Almost ten years ago, Matchbox Twenty released their third album More Than You Think You Are, and rode it for about a year or so before going on hiatus. More of a rock record, the album was a full band project, relying on the song writing talents of Paul Doucette and Kyle Cook for a more diversified track listing. Certainly the “Rob Thomas Show,” as it’s often called among critics, took them to stardom and More Than… broke the mold of the Matchbox Twenty album. I often remember conversations in college with a friend who hated the song “Bright Lights,” citing the main message of the song as cruel and unlikable. It had a Broadway kind of production to it, but it’s message was never pretentious, more earnest than anything. That’s probably why I liked it so much.

The release of their new album, North, crept up pretty quick in 2012, so much so that I completely forgot that it came out on September 4th. One had to wonder whether the band would return to the “Rob Thomas Show” or pick up where they had left off. The latter emerges with resounding embrace, as the band puts forth it’s most pop oriented album to date.

The title of the record certainly suggests a new direction for the band, as it their most polished and diversified record in their discography. The album doesn’t feel completely tied to the early 2000’s, but the connections can be seen on a few tracks. “I Will” for instance, feels very much like the “Bright Lights” of 2012, relying on a similar message, if not more personal and successful. It’s wonderful acoustic nature breathes some fresh air in the six hole of the album. The track, “The Way” feature lead vocals from Kyle Cook, who’s voice has a strange tinge of Phil Collins to it. The track’s guitar melody soar like some of Coldplay’s early work.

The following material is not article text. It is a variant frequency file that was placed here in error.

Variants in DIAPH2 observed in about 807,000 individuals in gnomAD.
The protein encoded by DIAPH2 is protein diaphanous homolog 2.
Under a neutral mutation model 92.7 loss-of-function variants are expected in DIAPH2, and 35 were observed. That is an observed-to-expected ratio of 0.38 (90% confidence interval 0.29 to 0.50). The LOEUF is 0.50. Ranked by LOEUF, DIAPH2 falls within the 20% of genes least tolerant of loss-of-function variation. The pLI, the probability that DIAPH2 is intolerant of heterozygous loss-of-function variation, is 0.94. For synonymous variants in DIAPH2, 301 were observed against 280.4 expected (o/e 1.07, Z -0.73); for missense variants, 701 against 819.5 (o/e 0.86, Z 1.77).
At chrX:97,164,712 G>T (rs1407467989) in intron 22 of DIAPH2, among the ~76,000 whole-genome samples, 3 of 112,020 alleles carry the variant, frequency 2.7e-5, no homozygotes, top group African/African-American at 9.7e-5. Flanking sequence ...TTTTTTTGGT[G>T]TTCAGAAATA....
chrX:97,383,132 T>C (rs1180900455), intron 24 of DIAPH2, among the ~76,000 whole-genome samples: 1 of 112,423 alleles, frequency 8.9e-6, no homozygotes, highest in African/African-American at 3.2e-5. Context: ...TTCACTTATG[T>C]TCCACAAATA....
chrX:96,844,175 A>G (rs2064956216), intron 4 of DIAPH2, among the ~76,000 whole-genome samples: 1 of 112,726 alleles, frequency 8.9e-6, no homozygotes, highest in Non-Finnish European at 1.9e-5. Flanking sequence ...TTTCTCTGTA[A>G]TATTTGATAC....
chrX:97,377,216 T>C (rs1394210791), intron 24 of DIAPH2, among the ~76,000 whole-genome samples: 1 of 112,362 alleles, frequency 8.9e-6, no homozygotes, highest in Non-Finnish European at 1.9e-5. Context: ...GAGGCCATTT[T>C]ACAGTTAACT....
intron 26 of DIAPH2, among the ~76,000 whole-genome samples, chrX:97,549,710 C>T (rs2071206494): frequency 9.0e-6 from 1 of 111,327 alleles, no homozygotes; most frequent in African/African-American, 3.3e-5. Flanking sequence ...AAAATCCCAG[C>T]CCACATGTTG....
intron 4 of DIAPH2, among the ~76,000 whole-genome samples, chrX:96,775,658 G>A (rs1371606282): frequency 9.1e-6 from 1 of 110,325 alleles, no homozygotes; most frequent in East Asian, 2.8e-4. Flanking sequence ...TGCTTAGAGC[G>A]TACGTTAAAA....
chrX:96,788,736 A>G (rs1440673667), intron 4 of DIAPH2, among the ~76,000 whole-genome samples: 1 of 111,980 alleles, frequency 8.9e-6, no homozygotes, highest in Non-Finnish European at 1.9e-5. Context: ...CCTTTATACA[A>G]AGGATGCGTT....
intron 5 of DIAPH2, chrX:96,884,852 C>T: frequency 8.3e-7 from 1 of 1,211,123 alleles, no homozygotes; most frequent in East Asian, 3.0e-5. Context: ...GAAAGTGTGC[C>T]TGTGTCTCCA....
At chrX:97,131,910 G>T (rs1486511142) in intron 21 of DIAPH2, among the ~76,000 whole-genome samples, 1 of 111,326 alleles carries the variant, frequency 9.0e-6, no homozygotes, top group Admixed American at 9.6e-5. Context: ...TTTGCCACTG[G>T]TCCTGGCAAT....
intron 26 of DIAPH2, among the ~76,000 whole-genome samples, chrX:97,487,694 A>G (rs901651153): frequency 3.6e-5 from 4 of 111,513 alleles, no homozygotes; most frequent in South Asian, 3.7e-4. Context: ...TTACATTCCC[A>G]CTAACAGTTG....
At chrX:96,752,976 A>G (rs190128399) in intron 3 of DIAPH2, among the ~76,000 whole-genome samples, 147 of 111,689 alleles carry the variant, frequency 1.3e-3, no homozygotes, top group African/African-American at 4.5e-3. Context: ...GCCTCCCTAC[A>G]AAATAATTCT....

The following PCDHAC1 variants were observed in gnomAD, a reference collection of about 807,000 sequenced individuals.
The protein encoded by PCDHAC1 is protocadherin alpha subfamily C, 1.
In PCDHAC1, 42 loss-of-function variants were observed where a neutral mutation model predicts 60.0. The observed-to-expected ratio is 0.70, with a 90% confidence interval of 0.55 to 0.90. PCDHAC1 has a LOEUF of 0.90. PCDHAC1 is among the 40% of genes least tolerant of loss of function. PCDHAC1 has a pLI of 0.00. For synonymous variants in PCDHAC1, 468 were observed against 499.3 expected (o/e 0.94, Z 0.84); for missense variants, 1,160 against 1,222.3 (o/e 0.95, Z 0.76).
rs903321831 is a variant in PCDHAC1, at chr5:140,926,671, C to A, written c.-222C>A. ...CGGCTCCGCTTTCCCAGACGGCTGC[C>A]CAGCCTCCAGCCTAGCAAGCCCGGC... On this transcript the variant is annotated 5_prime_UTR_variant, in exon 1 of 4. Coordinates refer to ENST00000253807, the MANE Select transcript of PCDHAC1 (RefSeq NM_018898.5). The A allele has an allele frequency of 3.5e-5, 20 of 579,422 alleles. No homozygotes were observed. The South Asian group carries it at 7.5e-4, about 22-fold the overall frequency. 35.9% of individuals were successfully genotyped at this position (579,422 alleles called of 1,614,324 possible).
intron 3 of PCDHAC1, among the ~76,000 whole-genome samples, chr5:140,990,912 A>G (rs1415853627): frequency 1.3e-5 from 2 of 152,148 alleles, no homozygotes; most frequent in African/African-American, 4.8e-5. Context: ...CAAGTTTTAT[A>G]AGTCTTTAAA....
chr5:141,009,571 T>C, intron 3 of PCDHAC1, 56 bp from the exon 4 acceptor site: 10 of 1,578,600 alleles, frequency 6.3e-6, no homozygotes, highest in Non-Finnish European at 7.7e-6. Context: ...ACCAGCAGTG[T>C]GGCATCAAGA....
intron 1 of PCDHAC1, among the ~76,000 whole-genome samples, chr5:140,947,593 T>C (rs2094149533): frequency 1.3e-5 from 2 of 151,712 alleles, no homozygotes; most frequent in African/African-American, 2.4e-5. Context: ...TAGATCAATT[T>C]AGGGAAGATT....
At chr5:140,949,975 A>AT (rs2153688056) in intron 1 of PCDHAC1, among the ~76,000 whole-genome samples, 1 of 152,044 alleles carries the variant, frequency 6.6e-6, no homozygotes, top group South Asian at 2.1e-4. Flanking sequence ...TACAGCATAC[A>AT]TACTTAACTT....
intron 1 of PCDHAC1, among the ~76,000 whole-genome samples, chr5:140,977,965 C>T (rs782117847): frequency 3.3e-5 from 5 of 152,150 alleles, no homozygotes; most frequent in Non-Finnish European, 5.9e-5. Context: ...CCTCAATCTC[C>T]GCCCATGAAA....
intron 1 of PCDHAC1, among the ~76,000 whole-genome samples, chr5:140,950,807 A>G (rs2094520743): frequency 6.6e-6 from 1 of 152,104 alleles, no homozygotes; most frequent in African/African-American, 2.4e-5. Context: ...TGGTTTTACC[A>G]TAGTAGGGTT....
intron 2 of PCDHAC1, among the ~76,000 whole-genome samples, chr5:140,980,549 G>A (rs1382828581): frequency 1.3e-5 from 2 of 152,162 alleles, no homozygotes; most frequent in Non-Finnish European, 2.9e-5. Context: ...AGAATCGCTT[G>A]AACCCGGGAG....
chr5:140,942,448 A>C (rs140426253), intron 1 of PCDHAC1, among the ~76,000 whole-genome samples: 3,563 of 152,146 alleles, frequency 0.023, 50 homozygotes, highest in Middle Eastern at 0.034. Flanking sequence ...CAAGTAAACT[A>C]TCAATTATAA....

Pushing the band’s sound further, they embrace a sort of disco-rock on North. Certainly, it’s the albums most abundant flavor, and for the most part, they manage to pull it off. Tracks like “Put Your Hands Up” and “Our Song” will fit comfortably on modern FM radio stations. “PYHU” may even find a comforting home in clubs, sounds strange, but it has the ability. The track, “How Long,” embraces the bands rock and new electronic influences the best among the songs of North. The album closes with a sleeper track, “Sleeping at the Wheel” which I don’t recommend that you do, but the song is pretty good anyway.

It’s rare that you find a band that can pick up right where they left off, push new boundaries, but make a largely enjoyable record. North isn’t a record that can replace the nostalgic feel of Yourself or Someone Like You or tries to replicate More Than You Think You Are, instead, we have an album from a band who is trying to catch up on what it missed in the last decade. In most cases, this should be a scatter brained album, but it’s not, it’s focused, streamlines, and more importantly, it’s a joy to listen to. Yeah, it’s pop, and while pop does have its share of face palms and head desks, I’ve always had a soft spot for this band, and I’m not the only one.

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Listening co-efficient: Passive Listen

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